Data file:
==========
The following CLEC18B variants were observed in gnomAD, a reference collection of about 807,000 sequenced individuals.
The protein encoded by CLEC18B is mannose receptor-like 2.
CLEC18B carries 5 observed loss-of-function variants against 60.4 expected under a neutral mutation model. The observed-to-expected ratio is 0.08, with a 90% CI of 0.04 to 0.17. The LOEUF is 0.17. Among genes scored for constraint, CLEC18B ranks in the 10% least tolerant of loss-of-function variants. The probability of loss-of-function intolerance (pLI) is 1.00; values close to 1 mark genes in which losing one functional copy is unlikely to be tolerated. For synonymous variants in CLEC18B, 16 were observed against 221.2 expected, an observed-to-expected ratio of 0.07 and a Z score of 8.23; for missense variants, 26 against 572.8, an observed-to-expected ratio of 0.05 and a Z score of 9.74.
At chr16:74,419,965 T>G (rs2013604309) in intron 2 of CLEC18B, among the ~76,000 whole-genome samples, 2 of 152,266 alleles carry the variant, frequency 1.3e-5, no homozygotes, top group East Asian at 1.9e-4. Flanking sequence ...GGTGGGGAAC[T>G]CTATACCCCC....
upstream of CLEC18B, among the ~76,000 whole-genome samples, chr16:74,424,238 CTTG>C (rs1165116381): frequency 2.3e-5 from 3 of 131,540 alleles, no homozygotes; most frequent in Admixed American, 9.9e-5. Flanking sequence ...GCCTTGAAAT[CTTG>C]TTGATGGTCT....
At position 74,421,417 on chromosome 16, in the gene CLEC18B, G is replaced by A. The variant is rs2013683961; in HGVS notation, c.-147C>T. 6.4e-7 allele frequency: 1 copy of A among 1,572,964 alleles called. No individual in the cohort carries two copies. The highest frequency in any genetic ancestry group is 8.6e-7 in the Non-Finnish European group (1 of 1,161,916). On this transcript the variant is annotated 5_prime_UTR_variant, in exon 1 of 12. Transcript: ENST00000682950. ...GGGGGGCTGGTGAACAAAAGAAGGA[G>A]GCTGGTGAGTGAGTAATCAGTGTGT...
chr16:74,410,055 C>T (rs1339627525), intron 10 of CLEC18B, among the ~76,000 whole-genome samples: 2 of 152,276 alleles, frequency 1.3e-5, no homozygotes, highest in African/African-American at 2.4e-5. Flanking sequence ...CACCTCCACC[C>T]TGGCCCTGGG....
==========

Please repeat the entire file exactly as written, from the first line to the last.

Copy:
The following CLEC18B variants were observed in gnomAD, a reference collection of about 807,000 sequenced individuals.
The protein encoded by CLEC18B is mannose receptor-like 2.
CLEC18B carries 5 observed loss-of-function variants against 60.4 expected under a neutral mutation model. The observed-to-expected ratio is 0.08, with a 90% CI of 0.04 to 0.17. The LOEUF is 0.17. Among genes scored for constraint, CLEC18B ranks in the 10% least tolerant of loss-of-function variants. The probability of loss-of-function intolerance (pLI) is 1.00; values close to 1 mark genes in which losing one functional copy is unlikely to be tolerated. For synonymous variants in CLEC18B, 16 were observed against 221.2 expected, an observed-to-expected ratio of 0.07 and a Z score of 8.23; for missense variants, 26 against 572.8, an observed-to-expected ratio of 0.05 and a Z score of 9.74.
At chr16:74,419,965 T>G (rs2013604309) in intron 2 of CLEC18B, among the ~76,000 whole-genome samples, 2 of 152,266 alleles carry the variant, frequency 1.3e-5, no homozygotes, top group East Asian at 1.9e-4. Flanking sequence ...GGTGGGGAAC[T>G]CTATACCCCC....
upstream of CLEC18B, among the ~76,000 whole-genome samples, chr16:74,424,238 CTTG>C (rs1165116381): frequency 2.3e-5 from 3 of 131,540 alleles, no homozygotes; most frequent in Admixed American, 9.9e-5. Flanking sequence ...GCCTTGAAAT[CTTG>C]TTGATGGTCT....
At position 74,421,417 on chromosome 16, in the gene CLEC18B, G is replaced by A. The variant is rs2013683961; in HGVS notation, c.-147C>T. 6.4e-7 allele frequency: 1 copy of A among 1,572,964 alleles called. No individual in the cohort carries two copies. The highest frequency in any genetic ancestry group is 8.6e-7 in the Non-Finnish European group (1 of 1,161,916). On this transcript the variant is annotated 5_prime_UTR_variant, in exon 1 of 12. Transcript: ENST00000682950. ...GGGGGGCTGGTGAACAAAAGAAGGA[G>A]GCTGGTGAGTGAGTAATCAGTGTGT...
chr16:74,410,055 C>T (rs1339627525), intron 10 of CLEC18B, among the ~76,000 whole-genome samples: 2 of 152,276 alleles, frequency 1.3e-5, no homozygotes, highest in African/African-American at 2.4e-5. Flanking sequence ...CACCTCCACC[C>T]TGGCCCTGGG....